The full-metal latch system operates smoothly and offers a super secure closure for safety. It opens with a single button that’s easy to find and easy to use, even with a heavy winter glove. The chin bar has a secure detent when fully opened, so it stays in place. More than just a modular, the Strobe also has a built-in Twin Shield System Sun Shield, so you get the sun protection you want, and can quickly get more light when entering a tunnel or darker area by flipping it up and out of the way. The face shield is optically correct, scratch resistant, and has a tool-less quick release making it easy to change. Inside, the liner wicks moisture, and is removable and washable. 3D Laser Cut foam in the cheek pads make for a secure and comfortable fit, and a quick release strap makes it easy to get on and off.

Bell SRT Modular Full-Face Helmet - $170

Following the LS2 modular helmet is a version from Bell, the SRT Modular – also available as a non-modular version simply called the SRT. Both feature a fiberglass shell, recessed EPS speaker pockets, a broad range of sizing options and class-1 Panovision optics. The beauty of the modular version, obviously, is having the versatility and convenience of a modular helmet. An ideal sport-touring helmet, the SRT Modular is available in several different graphics. Or black, if that’s your thing.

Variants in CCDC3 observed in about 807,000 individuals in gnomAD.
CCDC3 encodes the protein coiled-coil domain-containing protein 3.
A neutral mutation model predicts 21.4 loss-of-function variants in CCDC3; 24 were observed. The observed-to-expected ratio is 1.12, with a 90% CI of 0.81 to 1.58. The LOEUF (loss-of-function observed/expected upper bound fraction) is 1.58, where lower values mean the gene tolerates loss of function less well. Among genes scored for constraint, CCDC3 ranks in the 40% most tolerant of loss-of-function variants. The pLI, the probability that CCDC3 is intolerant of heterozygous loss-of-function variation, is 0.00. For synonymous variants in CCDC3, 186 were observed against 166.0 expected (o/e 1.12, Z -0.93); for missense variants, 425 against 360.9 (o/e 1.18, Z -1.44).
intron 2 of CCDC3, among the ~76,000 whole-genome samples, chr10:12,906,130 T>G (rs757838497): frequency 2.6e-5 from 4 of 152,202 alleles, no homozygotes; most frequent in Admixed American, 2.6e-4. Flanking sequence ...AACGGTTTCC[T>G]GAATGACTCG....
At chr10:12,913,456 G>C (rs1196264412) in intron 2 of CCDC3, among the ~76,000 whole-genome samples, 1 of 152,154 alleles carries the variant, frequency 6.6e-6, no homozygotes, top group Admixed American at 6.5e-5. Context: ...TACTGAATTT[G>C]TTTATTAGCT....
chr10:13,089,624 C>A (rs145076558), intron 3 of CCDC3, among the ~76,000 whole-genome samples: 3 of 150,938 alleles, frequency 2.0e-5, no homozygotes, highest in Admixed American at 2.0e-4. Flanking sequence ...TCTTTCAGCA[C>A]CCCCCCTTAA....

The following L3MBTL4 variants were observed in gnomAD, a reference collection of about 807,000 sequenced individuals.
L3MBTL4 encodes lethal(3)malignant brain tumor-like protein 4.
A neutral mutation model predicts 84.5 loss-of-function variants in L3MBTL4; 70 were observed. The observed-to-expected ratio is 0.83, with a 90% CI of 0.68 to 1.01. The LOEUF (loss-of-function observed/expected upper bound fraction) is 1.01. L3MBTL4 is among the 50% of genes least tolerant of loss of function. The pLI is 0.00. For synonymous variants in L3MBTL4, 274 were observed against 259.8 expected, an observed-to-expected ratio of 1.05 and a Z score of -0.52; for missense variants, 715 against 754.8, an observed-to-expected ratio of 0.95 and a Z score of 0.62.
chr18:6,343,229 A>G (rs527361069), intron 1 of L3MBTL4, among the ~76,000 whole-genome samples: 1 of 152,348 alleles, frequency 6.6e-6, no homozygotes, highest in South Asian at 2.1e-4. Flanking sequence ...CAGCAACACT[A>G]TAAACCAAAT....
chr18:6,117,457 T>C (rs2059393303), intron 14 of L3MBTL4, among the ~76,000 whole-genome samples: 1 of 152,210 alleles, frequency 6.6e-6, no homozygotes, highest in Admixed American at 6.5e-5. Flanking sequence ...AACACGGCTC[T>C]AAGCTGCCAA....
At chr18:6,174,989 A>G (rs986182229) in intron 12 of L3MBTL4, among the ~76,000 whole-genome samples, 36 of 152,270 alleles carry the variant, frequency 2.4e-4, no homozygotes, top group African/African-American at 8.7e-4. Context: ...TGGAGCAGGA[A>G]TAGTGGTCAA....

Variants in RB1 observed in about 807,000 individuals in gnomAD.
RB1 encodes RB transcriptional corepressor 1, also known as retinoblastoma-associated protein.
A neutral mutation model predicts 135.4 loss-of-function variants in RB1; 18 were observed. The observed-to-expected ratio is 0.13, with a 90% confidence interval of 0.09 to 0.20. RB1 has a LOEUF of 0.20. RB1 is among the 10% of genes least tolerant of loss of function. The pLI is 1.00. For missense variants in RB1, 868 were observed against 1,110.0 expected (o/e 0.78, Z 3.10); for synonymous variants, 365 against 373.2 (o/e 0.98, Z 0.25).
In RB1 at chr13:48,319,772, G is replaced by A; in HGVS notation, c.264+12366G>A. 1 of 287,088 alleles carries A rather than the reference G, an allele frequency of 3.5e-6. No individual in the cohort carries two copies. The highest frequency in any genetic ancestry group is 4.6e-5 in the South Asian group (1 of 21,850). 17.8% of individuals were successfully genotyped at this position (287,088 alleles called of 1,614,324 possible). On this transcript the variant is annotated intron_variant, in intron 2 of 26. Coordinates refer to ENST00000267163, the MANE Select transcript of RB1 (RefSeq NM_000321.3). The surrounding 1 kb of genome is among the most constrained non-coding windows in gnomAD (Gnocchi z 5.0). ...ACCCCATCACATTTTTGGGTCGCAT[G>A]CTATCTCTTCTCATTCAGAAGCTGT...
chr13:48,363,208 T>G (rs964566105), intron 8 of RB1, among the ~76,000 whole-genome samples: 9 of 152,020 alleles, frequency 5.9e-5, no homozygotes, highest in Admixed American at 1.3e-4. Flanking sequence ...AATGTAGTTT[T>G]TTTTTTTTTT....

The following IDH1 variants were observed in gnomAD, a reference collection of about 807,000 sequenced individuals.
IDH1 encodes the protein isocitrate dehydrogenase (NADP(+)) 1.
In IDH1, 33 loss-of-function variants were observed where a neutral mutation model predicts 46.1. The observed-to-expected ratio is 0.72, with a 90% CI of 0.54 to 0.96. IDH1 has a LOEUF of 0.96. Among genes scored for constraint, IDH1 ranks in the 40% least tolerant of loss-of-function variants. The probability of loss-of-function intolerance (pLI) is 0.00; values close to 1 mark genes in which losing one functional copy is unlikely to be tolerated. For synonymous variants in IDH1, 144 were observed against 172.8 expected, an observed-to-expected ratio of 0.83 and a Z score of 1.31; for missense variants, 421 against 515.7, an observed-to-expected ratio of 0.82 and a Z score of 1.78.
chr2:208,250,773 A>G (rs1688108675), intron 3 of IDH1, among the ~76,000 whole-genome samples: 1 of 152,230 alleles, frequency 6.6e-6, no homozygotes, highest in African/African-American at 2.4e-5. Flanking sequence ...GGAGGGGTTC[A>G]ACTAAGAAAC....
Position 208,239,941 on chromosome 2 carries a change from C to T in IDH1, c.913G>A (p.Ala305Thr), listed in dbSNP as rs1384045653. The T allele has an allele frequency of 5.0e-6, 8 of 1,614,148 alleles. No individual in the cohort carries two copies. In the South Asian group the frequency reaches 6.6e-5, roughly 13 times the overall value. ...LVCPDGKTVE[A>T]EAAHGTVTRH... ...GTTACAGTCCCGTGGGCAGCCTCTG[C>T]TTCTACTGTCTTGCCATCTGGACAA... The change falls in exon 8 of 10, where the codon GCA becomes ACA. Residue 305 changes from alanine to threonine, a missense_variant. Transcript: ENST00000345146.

HJC IS-MAX II Modular Helmet - $208

Modulars are popular on this list for good reason – they are very versatile. The is-MAX II from HJC is another example. Its polycarbonate shell and chinbar were designed in CAD to give optimum fit while still being lightweight. If you peek closely at the picture you’ll see a drop-down sun visor that pops in and out via a slider on top of the helmet, easily accessible with gloved hands. A single button at the chin opens the chinbar and is also easy to use. HJC’s Advanced Channeling Ventilation System (ACS) gives you full front-to-back airflow to dissipate heat and humidity as quickly as possible. A tool-less shield changing mechanism makes it easy to swap, though you probably won’t need to since you have the drop-down sun shade. Nonetheless, the shield blocks out 95% of UV rays and is ready to accept a Pinlock insert (sold separately).

ScorpionExo EXO-GT920 Full Face Modular Helmet - $220